FLASHBACKS 25 YEARS APART

[I] THE SILVER JUBILEE OF HIS HIGHNESS THE AGA KHAN (1982-1983)

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A unique and historical photo signed by the late Canadian Prime Minister, Pierre Trudeau, which was taken in the Prime Minister's Office during Mawlana Hazar Imam's Silver Jubilee visit to Canada in April 1983. (l to r) - Hon. Sec Farouk Verjee (National Council), Mr. Gerry Wilkinson (His Highness the Aga Khan's Secretariat, Aiglemont, France), Hon. Sec Mohamed Manji (Ontario Council), President Amirali Rhemtulla (Grants Council), Mawlana Hazar Imam, Prime Minister Pierre Trudeau, Prince Amyn Muhammad Aga Khan, President Mehboob Dhanani (Ontario Council) and President Zulficar Lalji(National Council). Canada. The full signature line note from the Prime Minister read: To Farouk with the best of Memories . Trudeau. 1983. Photo: Photo: Farouk Verjee Collection, Vancouver,

A unique and historical photo signed by the late Canadian Prime Minister, Pierre Trudeau, which was taken in the Prime Minister’s Office during Mawlana Hazar Imam, His Highness the Aga Khan’s Silver Jubilee visit to Canada in April 1983. (l to r) – Hon. Sec Farouk Verjee (National Council), Mr. Gerry Wilkinson (His Highness the Aga Khan’s Secretariat, Aiglemont, France), Hon. Sec Mohamed Manji (Ontario Council), President Amirali Rhemtulla (Grants Council), Mawlana Hazar Imam, Prime Minister Pierre Trudeau, Prince Amyn Muhammad Aga Khan, President Mehboob Dhanani (Ontario Council) and President Zulficar Lalji(National Council). Canada. The full signature line note from the Prime Minister read: To Farouk with the best of Memories . Trudeau. 1983. Photo: Photo: Farouk Verjee Collection, Vancouver.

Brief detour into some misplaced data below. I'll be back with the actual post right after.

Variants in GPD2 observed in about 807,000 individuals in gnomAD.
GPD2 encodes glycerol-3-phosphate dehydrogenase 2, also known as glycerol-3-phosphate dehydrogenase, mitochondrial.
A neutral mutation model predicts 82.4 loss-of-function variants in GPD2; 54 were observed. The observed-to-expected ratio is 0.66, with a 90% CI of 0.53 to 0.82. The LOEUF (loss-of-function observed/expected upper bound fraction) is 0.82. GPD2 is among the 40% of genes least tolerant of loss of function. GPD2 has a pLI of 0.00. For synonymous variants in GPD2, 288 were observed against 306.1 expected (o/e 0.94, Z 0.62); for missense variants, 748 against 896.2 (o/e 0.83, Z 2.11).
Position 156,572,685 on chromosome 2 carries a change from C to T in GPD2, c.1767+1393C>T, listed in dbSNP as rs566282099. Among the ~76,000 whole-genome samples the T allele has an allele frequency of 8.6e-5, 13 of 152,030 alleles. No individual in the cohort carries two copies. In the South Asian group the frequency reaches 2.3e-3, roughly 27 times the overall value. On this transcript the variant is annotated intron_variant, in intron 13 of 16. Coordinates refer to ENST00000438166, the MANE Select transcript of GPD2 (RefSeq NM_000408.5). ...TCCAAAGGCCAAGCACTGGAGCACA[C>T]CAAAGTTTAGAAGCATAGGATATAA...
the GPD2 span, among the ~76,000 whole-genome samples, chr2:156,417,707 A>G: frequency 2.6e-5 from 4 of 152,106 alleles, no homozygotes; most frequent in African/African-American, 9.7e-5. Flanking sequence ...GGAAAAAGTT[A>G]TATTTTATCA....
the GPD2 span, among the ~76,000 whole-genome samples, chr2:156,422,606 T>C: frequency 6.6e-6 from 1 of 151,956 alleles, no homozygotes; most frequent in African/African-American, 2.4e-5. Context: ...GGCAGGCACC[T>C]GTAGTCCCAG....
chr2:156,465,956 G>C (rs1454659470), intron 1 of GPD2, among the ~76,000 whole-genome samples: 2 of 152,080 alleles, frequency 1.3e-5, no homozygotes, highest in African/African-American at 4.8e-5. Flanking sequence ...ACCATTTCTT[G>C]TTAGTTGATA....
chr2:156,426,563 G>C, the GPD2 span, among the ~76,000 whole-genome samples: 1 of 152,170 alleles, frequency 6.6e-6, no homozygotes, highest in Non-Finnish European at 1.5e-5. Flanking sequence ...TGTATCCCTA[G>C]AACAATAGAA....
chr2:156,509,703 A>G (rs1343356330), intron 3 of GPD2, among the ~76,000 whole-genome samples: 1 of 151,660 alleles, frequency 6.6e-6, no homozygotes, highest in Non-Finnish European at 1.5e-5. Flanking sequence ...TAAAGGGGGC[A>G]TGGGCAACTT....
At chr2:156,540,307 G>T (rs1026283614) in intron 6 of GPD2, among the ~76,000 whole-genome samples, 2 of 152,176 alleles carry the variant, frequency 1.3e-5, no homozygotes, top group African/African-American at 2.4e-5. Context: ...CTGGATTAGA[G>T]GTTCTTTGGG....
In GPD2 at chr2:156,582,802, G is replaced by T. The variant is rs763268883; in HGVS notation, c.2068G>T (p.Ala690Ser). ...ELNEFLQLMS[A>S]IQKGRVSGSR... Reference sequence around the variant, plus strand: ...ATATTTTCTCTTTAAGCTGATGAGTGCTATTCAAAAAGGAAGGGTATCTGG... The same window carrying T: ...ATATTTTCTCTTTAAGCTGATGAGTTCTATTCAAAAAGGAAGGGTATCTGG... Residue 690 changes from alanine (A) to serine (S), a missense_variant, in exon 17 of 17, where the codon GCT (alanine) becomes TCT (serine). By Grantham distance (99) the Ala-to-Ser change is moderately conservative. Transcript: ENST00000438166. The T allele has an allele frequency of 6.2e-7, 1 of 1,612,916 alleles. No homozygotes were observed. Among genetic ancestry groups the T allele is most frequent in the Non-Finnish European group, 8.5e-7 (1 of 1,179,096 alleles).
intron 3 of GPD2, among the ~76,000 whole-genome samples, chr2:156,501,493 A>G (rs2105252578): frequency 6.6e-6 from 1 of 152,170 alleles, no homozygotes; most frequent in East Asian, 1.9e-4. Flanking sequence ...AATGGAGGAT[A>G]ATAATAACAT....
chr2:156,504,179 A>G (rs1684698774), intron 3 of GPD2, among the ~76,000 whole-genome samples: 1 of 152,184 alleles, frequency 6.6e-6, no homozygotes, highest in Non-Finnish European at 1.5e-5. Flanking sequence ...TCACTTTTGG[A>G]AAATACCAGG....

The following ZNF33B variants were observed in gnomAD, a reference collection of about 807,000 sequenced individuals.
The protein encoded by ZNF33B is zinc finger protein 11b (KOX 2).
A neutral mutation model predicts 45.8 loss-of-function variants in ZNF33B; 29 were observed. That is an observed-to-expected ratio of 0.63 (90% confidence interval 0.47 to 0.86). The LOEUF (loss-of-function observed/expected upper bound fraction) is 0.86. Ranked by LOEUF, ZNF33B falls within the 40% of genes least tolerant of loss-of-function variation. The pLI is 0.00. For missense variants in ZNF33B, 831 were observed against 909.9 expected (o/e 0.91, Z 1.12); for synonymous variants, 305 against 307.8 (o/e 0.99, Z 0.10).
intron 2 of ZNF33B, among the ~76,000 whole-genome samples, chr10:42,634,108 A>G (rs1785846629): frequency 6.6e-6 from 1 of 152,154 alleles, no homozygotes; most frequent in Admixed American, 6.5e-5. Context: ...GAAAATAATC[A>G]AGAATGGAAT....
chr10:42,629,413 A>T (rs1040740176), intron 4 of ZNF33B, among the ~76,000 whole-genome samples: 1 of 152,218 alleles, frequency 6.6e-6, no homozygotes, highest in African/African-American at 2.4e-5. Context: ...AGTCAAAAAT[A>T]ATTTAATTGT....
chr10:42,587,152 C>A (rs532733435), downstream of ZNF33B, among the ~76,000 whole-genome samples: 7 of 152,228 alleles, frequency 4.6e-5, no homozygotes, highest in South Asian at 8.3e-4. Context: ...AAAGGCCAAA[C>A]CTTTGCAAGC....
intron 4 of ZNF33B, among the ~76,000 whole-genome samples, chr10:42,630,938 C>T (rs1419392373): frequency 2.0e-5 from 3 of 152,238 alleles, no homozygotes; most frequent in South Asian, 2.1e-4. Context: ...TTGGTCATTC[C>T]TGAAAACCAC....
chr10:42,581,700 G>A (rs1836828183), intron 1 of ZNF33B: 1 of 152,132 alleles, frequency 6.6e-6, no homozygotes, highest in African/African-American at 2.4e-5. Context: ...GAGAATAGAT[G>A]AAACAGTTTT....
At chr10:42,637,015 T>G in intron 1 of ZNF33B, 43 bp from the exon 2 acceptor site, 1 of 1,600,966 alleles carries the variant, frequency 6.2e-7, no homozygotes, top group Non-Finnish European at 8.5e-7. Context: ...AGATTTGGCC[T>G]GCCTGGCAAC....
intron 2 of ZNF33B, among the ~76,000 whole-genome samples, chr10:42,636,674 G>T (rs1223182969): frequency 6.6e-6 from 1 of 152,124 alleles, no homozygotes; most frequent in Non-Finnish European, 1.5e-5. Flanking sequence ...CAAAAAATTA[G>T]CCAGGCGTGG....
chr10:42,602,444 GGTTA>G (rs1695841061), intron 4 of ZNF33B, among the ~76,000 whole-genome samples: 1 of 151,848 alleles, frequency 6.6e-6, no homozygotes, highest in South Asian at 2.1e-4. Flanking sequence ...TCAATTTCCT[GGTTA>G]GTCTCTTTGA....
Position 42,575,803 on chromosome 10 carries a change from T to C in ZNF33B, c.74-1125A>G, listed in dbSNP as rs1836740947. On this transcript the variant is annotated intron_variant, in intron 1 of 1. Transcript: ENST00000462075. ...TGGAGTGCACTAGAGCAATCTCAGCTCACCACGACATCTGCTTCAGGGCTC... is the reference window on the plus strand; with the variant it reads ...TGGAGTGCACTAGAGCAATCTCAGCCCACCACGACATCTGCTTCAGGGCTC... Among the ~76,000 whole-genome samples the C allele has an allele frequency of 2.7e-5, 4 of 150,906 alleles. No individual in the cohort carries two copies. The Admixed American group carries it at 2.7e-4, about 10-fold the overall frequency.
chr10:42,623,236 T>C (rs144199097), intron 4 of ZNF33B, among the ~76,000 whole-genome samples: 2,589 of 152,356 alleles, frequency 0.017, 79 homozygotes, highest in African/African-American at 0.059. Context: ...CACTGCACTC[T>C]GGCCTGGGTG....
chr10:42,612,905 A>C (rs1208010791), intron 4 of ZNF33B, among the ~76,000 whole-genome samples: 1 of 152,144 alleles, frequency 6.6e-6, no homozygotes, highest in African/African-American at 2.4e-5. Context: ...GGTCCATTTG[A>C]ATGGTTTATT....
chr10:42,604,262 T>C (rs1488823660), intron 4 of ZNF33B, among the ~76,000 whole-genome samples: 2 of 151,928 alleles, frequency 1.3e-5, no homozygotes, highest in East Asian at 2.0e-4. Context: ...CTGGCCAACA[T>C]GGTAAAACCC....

[II] AND TWENTY-FIVE YEARS LATER…THE GOLDEN JUBILEE (2007-2008)

Justin Trudeau greets His Highness the Aga Khan as he arrives in Ottawa, Canada, to celebrate his Golden Jubilee in 2008. Looking on are Senator Mubina Jaffer, left, and MP Yasmin Ratansi. Mr. Trudeau was then an MP for his Papineau riding in the Quebec. Photo: The Ismaili.

Justin Trudeau greets His Highness the Aga Khan as he arrives in Ottawa, Canada, to celebrate his Golden Jubilee in 2008. Looking on are Senator Mubina Jaffer, left, and MP Yasmin Ratansi. Mr. Trudeau was then an MP for his Papineau riding in the Quebec. Photo: The Ismaili.

Date posted: November 4/5, 2015.
Date last updated: November 8, 2015 (new photo at top)

For more photos and reports please visit the websites of the Governor General of Canada at http://www.gg.ca and the Prime Minister of Canada at http://www.pm.gc.ca.
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Dr. Vali Jamal

Dr. Vali Jamal

About the writer: Vali Jamal has a BA from Cambridge (Trinity College) and a PhD from Stanford. He was a Senior Economist with UN-International Labour Organization from 1976 to 2001. He lives in Kampala, Uganda. As noted above in his piece, his mammoth illustrated work on the Ugandan Asians will be released next spring.